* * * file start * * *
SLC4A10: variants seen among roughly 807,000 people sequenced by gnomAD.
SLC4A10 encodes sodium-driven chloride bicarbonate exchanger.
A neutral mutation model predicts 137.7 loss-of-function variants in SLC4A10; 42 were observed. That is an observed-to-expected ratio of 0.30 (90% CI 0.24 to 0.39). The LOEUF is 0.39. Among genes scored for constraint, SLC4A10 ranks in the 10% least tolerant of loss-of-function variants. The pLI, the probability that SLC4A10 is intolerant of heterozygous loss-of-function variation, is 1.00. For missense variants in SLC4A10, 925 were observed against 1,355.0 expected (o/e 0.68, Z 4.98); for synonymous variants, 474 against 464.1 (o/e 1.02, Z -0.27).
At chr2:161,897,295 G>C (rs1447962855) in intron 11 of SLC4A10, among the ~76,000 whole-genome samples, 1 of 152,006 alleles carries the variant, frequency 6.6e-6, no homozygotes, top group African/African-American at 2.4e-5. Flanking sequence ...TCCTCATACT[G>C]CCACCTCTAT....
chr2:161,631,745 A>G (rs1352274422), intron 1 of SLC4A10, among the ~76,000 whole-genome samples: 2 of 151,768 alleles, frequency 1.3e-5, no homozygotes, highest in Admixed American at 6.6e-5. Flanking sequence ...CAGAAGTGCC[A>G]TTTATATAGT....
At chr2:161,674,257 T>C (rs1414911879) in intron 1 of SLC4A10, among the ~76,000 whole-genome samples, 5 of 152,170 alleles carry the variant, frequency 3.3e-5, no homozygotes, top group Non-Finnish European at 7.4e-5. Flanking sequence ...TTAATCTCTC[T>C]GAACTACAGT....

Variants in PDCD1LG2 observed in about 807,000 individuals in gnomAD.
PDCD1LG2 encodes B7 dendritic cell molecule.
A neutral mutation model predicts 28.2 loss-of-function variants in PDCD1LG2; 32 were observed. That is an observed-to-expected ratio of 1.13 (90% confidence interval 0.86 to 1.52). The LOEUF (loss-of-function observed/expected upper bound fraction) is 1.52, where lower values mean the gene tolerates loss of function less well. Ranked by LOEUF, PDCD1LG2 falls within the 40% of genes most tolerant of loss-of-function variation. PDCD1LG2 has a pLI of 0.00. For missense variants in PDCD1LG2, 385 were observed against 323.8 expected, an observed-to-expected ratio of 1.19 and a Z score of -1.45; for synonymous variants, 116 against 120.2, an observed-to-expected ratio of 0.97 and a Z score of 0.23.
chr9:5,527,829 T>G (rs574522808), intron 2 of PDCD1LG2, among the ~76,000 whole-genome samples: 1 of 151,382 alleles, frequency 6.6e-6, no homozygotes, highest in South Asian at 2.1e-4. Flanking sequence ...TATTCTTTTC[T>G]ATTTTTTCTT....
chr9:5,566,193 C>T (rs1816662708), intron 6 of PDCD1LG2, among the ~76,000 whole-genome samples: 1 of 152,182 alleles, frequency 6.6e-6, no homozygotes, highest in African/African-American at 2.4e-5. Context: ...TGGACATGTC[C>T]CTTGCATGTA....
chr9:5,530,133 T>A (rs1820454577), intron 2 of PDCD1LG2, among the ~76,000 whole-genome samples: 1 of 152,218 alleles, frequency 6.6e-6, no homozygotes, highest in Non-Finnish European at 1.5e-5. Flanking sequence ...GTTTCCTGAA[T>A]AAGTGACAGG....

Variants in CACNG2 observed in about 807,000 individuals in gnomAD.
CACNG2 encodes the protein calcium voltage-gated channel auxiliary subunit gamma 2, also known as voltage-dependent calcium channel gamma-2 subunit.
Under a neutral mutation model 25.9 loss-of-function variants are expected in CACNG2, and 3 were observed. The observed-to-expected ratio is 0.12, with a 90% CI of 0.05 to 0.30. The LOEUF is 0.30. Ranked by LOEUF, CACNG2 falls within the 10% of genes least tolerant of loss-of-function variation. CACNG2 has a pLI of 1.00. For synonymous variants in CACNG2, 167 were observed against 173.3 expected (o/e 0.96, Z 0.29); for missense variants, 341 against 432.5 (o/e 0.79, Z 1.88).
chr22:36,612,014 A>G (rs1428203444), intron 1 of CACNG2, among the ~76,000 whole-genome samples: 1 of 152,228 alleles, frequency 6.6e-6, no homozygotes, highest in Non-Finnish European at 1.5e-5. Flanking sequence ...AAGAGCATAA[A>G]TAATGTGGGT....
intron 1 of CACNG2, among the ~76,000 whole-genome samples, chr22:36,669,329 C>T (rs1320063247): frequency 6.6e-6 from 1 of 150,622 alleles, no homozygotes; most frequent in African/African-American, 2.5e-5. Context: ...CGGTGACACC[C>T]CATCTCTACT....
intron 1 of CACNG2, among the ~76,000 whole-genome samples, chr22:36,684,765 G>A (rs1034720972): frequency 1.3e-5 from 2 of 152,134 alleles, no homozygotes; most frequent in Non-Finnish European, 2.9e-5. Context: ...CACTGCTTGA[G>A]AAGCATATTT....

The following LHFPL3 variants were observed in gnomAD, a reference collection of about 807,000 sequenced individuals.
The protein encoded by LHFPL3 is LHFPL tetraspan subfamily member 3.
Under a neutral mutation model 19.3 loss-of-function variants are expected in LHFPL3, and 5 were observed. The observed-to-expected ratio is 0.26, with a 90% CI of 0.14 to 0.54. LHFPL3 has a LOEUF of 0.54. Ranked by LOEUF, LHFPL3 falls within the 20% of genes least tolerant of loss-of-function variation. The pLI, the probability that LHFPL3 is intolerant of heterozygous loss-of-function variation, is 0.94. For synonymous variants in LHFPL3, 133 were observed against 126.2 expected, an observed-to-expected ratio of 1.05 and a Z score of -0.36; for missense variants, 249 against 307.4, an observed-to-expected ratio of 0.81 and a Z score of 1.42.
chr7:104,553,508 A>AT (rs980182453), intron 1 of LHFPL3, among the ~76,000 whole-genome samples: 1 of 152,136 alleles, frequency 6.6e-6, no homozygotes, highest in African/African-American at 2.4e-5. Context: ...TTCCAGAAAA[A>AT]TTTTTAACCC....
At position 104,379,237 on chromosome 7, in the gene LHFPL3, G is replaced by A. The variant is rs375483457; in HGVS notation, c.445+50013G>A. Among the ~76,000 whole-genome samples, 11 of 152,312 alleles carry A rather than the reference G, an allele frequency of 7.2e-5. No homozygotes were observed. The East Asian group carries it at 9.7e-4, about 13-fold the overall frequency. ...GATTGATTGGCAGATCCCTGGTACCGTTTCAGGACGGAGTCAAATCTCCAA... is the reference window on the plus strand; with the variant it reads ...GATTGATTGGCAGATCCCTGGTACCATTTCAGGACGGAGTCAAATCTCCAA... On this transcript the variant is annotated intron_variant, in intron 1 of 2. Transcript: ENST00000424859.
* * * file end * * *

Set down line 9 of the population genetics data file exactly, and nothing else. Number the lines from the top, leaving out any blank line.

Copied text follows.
A neutral mutation model predicts 28.2 loss-of-function variants in PDCD1LG2; 32 were observed. That is an observed-to-expected ratio of 1.13 (90% confidence interval 0.86 to 1.52). The LOEUF (loss-of-function observed/expected upper bound fraction) is 1.52, where lower values mean the gene tolerates loss of function less well. Ranked by LOEUF, PDCD1LG2 falls within the 40% of genes most tolerant of loss-of-function variation. PDCD1LG2 has a pLI of 0.00. For missense variants in PDCD1LG2, 385 were observed against 323.8 expected, an observed-to-expected ratio of 1.19 and a Z score of -1.45; for synonymous variants, 116 against 120.2, an observed-to-expected ratio of 0.97 and a Z score of 0.23.